Now through Caregiving Kinetics, I have the privilege of helping organizations to raise awareness of the caregiving process and develop ways to effectively support those who care. When I was younger, I never envisioned myself involved in such work, but today I cannot see myself doing anything else.

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The Benefits of Business Coaching

caregiving business advisement


Generally speaking, confidence is a good thing in business. You need to be confident in your ideas, and you need to believe in your abilities. However, as is the case with most things, too much confidence can be a problem. Sometimes, the best thing you can do is ask for help, or at least invite in another opinion to point you in the right direction. For many business professionals, especially in the caregiving and healthcare industries, that means turning to business coaching. Some professionals turn away from business coaching because they think they already know the answers, they are afraid to hear the truth, or they simply don’t want to spend the money. Unfortunately, that means they miss out on the many benefits that are associated with quality business coaching, such as those listed below.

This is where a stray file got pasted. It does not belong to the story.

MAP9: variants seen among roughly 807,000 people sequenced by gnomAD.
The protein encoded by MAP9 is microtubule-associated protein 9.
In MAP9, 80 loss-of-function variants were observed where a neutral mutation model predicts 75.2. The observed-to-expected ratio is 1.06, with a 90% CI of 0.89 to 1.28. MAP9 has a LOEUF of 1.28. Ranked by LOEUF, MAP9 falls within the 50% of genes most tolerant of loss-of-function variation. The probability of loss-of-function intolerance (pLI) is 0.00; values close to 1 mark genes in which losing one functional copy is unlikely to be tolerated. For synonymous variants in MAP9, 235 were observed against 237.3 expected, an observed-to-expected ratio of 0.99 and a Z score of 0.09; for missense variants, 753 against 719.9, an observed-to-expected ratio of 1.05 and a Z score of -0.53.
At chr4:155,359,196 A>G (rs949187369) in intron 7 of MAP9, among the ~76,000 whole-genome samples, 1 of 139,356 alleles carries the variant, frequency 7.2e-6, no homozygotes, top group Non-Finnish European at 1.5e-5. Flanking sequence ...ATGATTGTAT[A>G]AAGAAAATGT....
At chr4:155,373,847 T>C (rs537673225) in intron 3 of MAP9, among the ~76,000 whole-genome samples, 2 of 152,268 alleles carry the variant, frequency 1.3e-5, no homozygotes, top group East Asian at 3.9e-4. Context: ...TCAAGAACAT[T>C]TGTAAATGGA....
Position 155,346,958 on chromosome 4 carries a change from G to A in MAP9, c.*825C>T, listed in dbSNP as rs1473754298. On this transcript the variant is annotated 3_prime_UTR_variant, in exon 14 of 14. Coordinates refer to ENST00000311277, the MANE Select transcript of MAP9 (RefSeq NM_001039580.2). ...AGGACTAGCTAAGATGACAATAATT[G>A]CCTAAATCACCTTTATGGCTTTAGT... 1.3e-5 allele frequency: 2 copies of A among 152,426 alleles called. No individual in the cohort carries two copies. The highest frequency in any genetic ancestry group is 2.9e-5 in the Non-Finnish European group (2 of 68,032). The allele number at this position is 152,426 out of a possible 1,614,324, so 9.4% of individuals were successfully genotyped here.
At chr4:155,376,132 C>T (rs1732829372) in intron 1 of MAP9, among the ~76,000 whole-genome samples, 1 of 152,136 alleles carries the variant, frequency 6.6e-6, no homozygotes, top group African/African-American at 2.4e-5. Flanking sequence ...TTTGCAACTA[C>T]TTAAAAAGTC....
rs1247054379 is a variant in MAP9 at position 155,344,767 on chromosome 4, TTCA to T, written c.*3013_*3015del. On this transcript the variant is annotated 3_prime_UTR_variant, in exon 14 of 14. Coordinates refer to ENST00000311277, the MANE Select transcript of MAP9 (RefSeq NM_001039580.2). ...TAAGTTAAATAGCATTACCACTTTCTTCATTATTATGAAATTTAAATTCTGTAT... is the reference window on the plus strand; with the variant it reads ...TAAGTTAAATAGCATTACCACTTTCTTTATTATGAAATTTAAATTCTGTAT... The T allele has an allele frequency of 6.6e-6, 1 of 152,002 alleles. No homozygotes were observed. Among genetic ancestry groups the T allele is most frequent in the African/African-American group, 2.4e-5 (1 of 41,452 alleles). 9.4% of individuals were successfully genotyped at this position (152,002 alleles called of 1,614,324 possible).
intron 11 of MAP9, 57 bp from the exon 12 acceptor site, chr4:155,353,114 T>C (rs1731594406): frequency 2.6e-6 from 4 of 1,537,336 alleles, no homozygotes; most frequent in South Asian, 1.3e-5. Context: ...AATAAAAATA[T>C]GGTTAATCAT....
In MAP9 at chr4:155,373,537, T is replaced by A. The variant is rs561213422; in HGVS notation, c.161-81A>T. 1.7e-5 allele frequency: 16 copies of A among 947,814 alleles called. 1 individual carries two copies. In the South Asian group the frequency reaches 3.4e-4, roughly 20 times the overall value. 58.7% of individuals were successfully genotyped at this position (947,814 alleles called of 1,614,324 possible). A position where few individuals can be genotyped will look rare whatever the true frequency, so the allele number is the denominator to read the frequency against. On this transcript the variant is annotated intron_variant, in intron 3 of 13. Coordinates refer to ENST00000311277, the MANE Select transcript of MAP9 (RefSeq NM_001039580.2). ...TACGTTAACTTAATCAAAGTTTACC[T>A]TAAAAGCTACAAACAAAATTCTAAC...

Hear the Honest Truth

It’s hard to get honest opinions in the business world, when only talking to those who work for or with you. That’s unfortunate, but it’s the truth. In the workplace, many people are hesitant to say what they really think, as that means going out on a limb with their ideas and perspective. More frequently, employees will just toe the line, agreeing with what those above them have said. When you decide to bring in some business coaching, you can put these worries to the side. A business coach is paid specifically to provide honest feedback and perspective, so that is exactly what he or she will do. Without having to think about long-term career implications like someone who works within the organization, a business coach is free from limitations and will be able to give it to you straight.


Open Up a New Perspective